New Prosthesis Authorized for Leg Amputees

The first prosthetic device for adults with above-the-knee amputations who cannot use a conventional leg prosthesis is now authorized for use in the United States.

The first prosthetic device for adults with above-the-knee amputations who cannot use a conventional leg prosthesis is now authorized for use in the United States.

While a conventional socket prosthesis fits over the remaining part of a leg to secure the device to it, some amputees’ residual limb may not be long enough to properly fit such a prosthesis.

To bypass this problem, the new FDA-authorized Osseoanchored Prostheses for the Rehabilitation of Amputees (OPRA) device uses fixtures and screws implanted into the patient’s remaining thigh bone to connect an external prosthetic limb.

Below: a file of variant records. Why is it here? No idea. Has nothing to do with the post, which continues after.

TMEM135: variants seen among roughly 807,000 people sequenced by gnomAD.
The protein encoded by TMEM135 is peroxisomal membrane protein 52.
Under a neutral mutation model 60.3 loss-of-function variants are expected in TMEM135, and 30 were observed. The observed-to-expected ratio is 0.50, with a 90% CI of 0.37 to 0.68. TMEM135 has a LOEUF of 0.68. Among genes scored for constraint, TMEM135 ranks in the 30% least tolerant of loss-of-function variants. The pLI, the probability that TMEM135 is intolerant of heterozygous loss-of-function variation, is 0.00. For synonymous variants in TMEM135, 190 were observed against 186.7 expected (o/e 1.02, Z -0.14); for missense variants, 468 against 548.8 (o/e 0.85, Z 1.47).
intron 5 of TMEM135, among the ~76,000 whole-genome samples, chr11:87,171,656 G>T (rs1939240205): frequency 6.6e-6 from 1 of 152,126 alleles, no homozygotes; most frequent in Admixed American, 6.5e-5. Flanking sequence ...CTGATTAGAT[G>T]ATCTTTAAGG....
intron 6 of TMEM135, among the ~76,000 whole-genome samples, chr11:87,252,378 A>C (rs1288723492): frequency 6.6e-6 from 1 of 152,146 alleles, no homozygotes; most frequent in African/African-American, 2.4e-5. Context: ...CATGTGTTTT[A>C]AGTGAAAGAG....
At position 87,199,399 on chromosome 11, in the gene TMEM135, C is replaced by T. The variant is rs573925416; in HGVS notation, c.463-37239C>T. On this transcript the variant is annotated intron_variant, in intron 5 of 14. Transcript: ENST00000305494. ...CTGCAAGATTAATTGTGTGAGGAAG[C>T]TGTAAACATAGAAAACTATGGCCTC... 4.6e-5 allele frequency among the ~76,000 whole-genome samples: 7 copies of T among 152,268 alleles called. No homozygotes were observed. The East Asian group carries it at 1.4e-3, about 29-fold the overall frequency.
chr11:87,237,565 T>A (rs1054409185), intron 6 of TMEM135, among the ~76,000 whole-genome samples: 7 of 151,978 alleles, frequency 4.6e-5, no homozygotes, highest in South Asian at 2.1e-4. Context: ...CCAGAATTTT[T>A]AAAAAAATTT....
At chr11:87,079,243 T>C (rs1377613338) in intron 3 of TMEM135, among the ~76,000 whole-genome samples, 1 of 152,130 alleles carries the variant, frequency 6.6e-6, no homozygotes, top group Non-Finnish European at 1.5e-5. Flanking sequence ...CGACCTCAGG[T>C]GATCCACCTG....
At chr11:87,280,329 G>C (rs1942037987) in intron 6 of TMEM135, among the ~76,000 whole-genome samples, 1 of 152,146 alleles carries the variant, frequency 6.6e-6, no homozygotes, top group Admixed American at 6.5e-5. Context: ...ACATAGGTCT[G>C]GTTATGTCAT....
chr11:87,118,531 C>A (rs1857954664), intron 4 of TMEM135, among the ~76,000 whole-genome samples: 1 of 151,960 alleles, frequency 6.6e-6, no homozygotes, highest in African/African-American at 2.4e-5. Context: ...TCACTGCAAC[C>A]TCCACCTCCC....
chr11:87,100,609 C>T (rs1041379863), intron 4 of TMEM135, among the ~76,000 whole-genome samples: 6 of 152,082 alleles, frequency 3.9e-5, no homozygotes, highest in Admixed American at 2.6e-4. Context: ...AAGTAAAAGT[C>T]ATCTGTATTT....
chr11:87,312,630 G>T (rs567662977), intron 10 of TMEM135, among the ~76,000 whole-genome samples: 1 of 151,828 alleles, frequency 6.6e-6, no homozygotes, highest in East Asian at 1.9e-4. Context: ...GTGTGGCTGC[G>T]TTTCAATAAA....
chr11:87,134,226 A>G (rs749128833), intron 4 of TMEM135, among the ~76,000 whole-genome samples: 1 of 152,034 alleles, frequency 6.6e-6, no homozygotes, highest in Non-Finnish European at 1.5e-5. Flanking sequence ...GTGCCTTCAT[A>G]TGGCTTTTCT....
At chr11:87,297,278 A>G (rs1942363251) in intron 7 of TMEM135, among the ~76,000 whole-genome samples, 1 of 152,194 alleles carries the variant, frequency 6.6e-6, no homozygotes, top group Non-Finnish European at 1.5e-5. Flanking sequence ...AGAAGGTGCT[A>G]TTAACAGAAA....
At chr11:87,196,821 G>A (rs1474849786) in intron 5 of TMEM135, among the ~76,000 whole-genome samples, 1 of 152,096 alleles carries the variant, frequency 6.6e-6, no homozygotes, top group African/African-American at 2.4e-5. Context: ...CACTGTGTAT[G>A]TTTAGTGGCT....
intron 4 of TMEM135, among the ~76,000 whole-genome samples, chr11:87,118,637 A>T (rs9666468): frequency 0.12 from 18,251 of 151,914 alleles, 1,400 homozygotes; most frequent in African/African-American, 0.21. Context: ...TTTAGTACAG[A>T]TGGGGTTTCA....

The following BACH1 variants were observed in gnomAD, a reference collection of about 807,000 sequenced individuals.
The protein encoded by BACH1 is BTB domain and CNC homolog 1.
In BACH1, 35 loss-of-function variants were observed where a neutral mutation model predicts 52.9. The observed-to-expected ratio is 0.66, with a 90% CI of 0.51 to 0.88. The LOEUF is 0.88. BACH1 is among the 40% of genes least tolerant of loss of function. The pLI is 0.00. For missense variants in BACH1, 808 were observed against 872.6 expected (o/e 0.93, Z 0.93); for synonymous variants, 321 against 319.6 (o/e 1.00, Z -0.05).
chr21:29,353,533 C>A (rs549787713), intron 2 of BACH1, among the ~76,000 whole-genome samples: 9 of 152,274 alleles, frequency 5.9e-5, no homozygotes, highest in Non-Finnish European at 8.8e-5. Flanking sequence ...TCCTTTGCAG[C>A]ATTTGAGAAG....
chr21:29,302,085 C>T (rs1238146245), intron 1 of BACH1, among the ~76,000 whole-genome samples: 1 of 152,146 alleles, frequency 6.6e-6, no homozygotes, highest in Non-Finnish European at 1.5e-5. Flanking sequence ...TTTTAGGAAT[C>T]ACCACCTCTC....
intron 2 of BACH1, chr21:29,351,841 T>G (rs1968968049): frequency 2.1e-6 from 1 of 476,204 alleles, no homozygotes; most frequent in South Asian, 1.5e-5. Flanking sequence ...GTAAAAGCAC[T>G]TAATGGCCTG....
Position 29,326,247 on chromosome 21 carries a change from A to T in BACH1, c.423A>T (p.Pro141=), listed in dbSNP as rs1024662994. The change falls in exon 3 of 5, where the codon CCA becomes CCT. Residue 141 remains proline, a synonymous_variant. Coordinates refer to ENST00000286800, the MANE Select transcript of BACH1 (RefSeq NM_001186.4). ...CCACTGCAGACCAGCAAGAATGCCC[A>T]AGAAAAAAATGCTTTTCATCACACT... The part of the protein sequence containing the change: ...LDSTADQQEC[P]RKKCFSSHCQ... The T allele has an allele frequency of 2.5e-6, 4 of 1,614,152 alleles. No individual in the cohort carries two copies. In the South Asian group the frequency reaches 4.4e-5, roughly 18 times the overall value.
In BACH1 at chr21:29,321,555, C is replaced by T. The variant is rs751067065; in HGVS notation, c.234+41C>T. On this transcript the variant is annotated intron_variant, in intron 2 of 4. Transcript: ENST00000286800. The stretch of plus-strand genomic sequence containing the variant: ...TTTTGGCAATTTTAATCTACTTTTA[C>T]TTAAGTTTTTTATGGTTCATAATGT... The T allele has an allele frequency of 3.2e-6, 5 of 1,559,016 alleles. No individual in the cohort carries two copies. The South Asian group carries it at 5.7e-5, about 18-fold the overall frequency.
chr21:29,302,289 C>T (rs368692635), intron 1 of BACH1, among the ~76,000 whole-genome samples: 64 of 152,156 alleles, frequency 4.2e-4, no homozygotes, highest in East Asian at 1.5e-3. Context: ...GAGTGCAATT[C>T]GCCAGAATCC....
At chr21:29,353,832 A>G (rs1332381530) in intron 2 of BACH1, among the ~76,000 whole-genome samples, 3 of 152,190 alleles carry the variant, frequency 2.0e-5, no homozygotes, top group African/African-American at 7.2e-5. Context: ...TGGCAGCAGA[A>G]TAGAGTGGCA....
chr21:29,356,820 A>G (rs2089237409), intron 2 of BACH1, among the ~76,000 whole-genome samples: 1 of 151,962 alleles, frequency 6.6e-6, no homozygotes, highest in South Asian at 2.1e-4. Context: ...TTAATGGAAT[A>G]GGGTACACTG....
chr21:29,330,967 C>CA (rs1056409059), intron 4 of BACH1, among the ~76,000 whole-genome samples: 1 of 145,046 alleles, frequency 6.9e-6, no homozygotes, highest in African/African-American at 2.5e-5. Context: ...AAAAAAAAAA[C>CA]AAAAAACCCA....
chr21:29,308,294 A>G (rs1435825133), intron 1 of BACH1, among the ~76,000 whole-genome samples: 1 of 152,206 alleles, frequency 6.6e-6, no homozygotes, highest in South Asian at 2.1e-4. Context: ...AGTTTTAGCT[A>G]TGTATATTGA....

“The OPRA device may help those with above-the-knee amputations who have had problems with rehabilitation and have not been able to benefit from available socket prostheses,” stated William

Maisel, acting director of the Office of Device Evaluation in the FDA’s Center for Devices and Radiological Health.

The OPRA device is installed with 2 surgeries. The first procedure implants a fixture into the remaining thigh bone, while the second procedure, which is performed about 6 months later, implants a rod that attaches to this fixture.

Following the latter surgery, patients undergo rehabilitation with a trained physical therapist to gradually place weight on the OPRA device using a training prosthesis for approximately 6 months, after which they are fitted with their own customized prosthesis.